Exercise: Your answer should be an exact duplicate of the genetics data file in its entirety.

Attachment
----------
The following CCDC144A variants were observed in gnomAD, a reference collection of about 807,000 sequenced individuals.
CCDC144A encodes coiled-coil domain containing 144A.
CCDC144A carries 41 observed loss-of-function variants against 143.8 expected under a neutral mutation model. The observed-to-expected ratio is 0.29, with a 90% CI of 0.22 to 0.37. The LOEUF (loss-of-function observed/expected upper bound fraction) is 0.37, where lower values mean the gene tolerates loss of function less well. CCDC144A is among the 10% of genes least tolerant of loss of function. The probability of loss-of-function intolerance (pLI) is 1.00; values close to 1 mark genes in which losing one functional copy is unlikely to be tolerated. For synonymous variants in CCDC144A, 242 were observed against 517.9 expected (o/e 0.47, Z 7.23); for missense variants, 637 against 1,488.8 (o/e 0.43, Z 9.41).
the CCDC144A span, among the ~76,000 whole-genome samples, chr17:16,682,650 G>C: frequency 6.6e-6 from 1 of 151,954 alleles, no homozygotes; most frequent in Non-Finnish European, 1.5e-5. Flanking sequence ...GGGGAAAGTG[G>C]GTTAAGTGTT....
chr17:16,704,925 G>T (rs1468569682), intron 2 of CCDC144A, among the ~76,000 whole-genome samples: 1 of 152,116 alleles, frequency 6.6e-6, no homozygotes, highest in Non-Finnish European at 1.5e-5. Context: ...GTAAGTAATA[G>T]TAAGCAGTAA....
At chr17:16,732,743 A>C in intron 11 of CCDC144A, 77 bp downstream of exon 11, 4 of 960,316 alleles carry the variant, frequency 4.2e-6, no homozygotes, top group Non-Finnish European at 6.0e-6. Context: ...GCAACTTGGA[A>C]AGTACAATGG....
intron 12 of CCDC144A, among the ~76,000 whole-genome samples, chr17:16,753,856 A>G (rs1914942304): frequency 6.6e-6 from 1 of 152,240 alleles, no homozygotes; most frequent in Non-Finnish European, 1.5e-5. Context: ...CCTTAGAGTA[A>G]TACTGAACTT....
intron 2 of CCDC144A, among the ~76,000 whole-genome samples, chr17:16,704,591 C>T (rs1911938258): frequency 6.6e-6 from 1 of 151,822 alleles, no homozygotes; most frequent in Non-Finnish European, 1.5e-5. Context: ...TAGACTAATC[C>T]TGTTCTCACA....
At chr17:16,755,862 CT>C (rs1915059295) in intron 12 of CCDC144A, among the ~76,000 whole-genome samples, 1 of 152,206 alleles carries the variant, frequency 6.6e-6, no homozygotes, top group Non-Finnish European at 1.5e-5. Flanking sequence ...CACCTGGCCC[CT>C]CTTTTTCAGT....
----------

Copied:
The following CCDC144A variants were observed in gnomAD, a reference collection of about 807,000 sequenced individuals.
CCDC144A encodes coiled-coil domain containing 144A.
CCDC144A carries 41 observed loss-of-function variants against 143.8 expected under a neutral mutation model. The observed-to-expected ratio is 0.29, with a 90% CI of 0.22 to 0.37. The LOEUF (loss-of-function observed/expected upper bound fraction) is 0.37, where lower values mean the gene tolerates loss of function less well. CCDC144A is among the 10% of genes least tolerant of loss of function. The probability of loss-of-function intolerance (pLI) is 1.00; values close to 1 mark genes in which losing one functional copy is unlikely to be tolerated. For synonymous variants in CCDC144A, 242 were observed against 517.9 expected (o/e 0.47, Z 7.23); for missense variants, 637 against 1,488.8 (o/e 0.43, Z 9.41).
the CCDC144A span, among the ~76,000 whole-genome samples, chr17:16,682,650 G>C: frequency 6.6e-6 from 1 of 151,954 alleles, no homozygotes; most frequent in Non-Finnish European, 1.5e-5. Flanking sequence ...GGGGAAAGTG[G>C]GTTAAGTGTT....
chr17:16,704,925 G>T (rs1468569682), intron 2 of CCDC144A, among the ~76,000 whole-genome samples: 1 of 152,116 alleles, frequency 6.6e-6, no homozygotes, highest in Non-Finnish European at 1.5e-5. Context: ...GTAAGTAATA[G>T]TAAGCAGTAA....
At chr17:16,732,743 A>C in intron 11 of CCDC144A, 77 bp downstream of exon 11, 4 of 960,316 alleles carry the variant, frequency 4.2e-6, no homozygotes, top group Non-Finnish European at 6.0e-6. Context: ...GCAACTTGGA[A>C]AGTACAATGG....
intron 12 of CCDC144A, among the ~76,000 whole-genome samples, chr17:16,753,856 A>G (rs1914942304): frequency 6.6e-6 from 1 of 152,240 alleles, no homozygotes; most frequent in Non-Finnish European, 1.5e-5. Context: ...CCTTAGAGTA[A>G]TACTGAACTT....
intron 2 of CCDC144A, among the ~76,000 whole-genome samples, chr17:16,704,591 C>T (rs1911938258): frequency 6.6e-6 from 1 of 151,822 alleles, no homozygotes; most frequent in Non-Finnish European, 1.5e-5. Context: ...TAGACTAATC[C>T]TGTTCTCACA....
At chr17:16,755,862 CT>C (rs1915059295) in intron 12 of CCDC144A, among the ~76,000 whole-genome samples, 1 of 152,206 alleles carries the variant, frequency 6.6e-6, no homozygotes, top group Non-Finnish European at 1.5e-5. Flanking sequence ...CACCTGGCCC[CT>C]CTTTTTCAGT....